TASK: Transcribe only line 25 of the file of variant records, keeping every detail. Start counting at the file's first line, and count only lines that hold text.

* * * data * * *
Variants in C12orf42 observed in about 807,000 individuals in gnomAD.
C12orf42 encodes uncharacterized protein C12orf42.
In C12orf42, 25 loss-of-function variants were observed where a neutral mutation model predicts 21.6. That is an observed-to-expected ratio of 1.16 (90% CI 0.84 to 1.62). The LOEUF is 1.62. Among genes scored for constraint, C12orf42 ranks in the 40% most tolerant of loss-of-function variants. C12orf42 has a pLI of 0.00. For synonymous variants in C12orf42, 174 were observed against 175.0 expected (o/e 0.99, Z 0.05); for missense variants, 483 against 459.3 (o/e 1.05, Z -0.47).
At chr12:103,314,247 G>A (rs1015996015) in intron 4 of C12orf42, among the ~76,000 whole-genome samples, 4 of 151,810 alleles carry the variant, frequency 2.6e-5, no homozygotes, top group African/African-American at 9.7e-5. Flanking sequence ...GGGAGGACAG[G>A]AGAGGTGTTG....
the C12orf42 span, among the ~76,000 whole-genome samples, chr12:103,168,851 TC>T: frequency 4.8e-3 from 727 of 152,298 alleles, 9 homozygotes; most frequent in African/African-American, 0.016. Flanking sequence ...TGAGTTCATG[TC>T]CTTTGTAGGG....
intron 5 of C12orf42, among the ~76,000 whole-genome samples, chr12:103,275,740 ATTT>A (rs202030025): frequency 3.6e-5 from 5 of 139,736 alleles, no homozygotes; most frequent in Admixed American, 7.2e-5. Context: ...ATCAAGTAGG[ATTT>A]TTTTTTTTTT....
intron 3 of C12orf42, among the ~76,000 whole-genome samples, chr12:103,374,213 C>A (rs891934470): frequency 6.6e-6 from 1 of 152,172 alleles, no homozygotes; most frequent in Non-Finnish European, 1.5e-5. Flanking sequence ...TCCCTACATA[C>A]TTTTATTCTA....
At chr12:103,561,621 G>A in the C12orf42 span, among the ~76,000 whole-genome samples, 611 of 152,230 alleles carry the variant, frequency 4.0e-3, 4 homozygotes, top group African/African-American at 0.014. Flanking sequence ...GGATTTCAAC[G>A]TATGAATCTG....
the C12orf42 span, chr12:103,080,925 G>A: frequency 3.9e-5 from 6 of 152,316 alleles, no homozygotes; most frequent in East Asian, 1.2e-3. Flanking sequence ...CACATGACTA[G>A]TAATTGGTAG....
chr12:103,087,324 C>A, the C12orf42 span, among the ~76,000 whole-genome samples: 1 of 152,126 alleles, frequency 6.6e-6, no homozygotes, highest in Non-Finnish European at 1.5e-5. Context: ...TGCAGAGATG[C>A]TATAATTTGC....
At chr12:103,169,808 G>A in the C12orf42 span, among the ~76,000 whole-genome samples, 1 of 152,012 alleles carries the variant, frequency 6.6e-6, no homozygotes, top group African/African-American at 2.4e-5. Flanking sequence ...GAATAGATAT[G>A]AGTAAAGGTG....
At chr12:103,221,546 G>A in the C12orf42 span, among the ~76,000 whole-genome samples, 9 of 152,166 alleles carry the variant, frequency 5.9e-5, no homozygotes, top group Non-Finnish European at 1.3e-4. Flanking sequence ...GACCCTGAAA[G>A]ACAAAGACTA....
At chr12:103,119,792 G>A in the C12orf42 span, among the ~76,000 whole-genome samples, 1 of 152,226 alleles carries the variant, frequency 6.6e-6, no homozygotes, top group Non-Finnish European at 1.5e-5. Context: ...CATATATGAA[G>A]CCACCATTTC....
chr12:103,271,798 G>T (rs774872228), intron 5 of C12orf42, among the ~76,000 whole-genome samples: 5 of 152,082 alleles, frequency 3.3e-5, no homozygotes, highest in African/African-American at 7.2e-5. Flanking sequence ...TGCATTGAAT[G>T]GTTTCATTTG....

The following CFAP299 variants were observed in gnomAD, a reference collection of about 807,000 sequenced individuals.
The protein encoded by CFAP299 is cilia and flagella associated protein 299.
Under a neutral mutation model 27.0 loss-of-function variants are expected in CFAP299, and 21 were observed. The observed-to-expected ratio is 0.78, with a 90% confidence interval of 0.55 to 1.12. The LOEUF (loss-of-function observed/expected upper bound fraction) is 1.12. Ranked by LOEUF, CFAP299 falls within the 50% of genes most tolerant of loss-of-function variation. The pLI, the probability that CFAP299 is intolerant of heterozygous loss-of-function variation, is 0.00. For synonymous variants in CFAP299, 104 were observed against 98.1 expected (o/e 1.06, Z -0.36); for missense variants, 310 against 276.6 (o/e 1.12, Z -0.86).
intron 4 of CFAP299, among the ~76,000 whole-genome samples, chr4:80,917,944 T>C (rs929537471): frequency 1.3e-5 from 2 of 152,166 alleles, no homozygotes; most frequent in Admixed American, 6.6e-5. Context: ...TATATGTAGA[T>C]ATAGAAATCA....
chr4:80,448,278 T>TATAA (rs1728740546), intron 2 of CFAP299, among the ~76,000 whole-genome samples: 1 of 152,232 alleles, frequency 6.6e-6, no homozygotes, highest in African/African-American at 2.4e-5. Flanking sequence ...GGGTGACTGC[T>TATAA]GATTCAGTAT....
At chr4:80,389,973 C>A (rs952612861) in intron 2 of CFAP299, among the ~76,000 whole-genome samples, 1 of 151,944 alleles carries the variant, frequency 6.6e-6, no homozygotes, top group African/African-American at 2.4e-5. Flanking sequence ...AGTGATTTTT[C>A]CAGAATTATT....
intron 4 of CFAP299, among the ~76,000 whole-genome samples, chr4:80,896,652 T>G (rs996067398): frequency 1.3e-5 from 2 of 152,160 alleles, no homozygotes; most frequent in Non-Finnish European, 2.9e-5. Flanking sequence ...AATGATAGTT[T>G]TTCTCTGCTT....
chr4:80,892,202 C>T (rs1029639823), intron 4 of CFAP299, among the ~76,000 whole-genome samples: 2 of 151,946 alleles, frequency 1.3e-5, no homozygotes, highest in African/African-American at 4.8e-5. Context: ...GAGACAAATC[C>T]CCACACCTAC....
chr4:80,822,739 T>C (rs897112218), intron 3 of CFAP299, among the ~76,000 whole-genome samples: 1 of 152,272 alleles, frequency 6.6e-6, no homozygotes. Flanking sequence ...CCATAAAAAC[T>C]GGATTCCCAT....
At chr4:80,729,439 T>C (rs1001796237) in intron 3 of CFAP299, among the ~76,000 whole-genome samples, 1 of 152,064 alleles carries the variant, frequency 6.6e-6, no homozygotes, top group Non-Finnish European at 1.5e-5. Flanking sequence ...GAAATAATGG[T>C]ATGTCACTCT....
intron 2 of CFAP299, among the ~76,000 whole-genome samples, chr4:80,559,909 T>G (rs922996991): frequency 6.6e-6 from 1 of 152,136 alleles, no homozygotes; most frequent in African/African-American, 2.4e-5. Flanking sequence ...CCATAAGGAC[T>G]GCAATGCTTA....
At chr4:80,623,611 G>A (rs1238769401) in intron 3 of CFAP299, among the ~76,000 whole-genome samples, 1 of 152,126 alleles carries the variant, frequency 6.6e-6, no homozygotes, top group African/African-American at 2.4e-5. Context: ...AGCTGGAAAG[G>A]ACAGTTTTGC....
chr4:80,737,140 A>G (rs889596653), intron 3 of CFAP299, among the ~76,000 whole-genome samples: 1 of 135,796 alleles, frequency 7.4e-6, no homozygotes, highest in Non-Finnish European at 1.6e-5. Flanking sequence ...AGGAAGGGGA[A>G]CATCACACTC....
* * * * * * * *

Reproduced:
intron 2 of CFAP299, among the ~76,000 whole-genome samples, chr4:80,559,909 T>G (rs922996991): frequency 6.6e-6 from 1 of 152,136 alleles, no homozygotes; most frequent in African/African-American, 2.4e-5. Flanking sequence ...CCATAAGGAC[T>G]GCAATGCTTA....